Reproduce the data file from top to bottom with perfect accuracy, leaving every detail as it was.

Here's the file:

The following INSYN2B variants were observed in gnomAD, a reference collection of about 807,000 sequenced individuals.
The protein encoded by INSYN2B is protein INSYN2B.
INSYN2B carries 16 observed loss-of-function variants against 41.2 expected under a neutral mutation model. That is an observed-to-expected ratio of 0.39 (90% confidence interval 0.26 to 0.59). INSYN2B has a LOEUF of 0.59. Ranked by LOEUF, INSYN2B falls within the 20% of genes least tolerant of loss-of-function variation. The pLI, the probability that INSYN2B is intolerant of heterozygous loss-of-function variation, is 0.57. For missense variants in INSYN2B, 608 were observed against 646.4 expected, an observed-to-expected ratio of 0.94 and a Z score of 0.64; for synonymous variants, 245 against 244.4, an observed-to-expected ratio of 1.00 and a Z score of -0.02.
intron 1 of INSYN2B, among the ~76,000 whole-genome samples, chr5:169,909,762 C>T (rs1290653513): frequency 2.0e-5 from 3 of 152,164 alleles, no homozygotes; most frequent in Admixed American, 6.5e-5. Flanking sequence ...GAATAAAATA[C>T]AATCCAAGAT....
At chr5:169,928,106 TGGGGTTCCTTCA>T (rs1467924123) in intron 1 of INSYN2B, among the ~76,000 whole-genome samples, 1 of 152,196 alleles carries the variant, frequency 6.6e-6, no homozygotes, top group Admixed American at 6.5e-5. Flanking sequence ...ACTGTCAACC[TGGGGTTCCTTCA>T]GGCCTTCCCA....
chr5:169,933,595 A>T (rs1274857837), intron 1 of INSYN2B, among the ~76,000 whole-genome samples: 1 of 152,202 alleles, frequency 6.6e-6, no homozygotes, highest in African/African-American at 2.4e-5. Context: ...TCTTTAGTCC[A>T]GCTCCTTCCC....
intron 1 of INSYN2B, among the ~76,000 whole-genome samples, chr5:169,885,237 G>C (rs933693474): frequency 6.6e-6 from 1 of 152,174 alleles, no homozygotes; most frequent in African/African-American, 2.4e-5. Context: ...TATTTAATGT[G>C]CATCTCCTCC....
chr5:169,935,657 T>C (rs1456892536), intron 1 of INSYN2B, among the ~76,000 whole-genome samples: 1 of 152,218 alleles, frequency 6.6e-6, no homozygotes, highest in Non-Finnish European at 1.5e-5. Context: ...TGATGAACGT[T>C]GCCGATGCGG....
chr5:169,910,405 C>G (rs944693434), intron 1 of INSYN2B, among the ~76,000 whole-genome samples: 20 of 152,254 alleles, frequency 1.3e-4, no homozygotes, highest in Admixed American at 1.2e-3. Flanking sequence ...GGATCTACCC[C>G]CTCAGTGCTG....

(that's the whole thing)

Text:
The following INSYN2B variants were observed in gnomAD, a reference collection of about 807,000 sequenced individuals.
The protein encoded by INSYN2B is protein INSYN2B.
INSYN2B carries 16 observed loss-of-function variants against 41.2 expected under a neutral mutation model. That is an observed-to-expected ratio of 0.39 (90% confidence interval 0.26 to 0.59). INSYN2B has a LOEUF of 0.59. Ranked by LOEUF, INSYN2B falls within the 20% of genes least tolerant of loss-of-function variation. The pLI, the probability that INSYN2B is intolerant of heterozygous loss-of-function variation, is 0.57. For missense variants in INSYN2B, 608 were observed against 646.4 expected, an observed-to-expected ratio of 0.94 and a Z score of 0.64; for synonymous variants, 245 against 244.4, an observed-to-expected ratio of 1.00 and a Z score of -0.02.
intron 1 of INSYN2B, among the ~76,000 whole-genome samples, chr5:169,909,762 C>T (rs1290653513): frequency 2.0e-5 from 3 of 152,164 alleles, no homozygotes; most frequent in Admixed American, 6.5e-5. Flanking sequence ...GAATAAAATA[C>T]AATCCAAGAT....
At chr5:169,928,106 TGGGGTTCCTTCA>T (rs1467924123) in intron 1 of INSYN2B, among the ~76,000 whole-genome samples, 1 of 152,196 alleles carries the variant, frequency 6.6e-6, no homozygotes, top group Admixed American at 6.5e-5. Flanking sequence ...ACTGTCAACC[TGGGGTTCCTTCA>T]GGCCTTCCCA....
chr5:169,933,595 A>T (rs1274857837), intron 1 of INSYN2B, among the ~76,000 whole-genome samples: 1 of 152,202 alleles, frequency 6.6e-6, no homozygotes, highest in African/African-American at 2.4e-5. Context: ...TCTTTAGTCC[A>T]GCTCCTTCCC....
intron 1 of INSYN2B, among the ~76,000 whole-genome samples, chr5:169,885,237 G>C (rs933693474): frequency 6.6e-6 from 1 of 152,174 alleles, no homozygotes; most frequent in African/African-American, 2.4e-5. Context: ...TATTTAATGT[G>C]CATCTCCTCC....
chr5:169,935,657 T>C (rs1456892536), intron 1 of INSYN2B, among the ~76,000 whole-genome samples: 1 of 152,218 alleles, frequency 6.6e-6, no homozygotes, highest in Non-Finnish European at 1.5e-5. Context: ...TGATGAACGT[T>C]GCCGATGCGG....
chr5:169,910,405 C>G (rs944693434), intron 1 of INSYN2B, among the ~76,000 whole-genome samples: 20 of 152,254 alleles, frequency 1.3e-4, no homozygotes, highest in Admixed American at 1.2e-3. Flanking sequence ...GGATCTACCC[C>G]CTCAGTGCTG....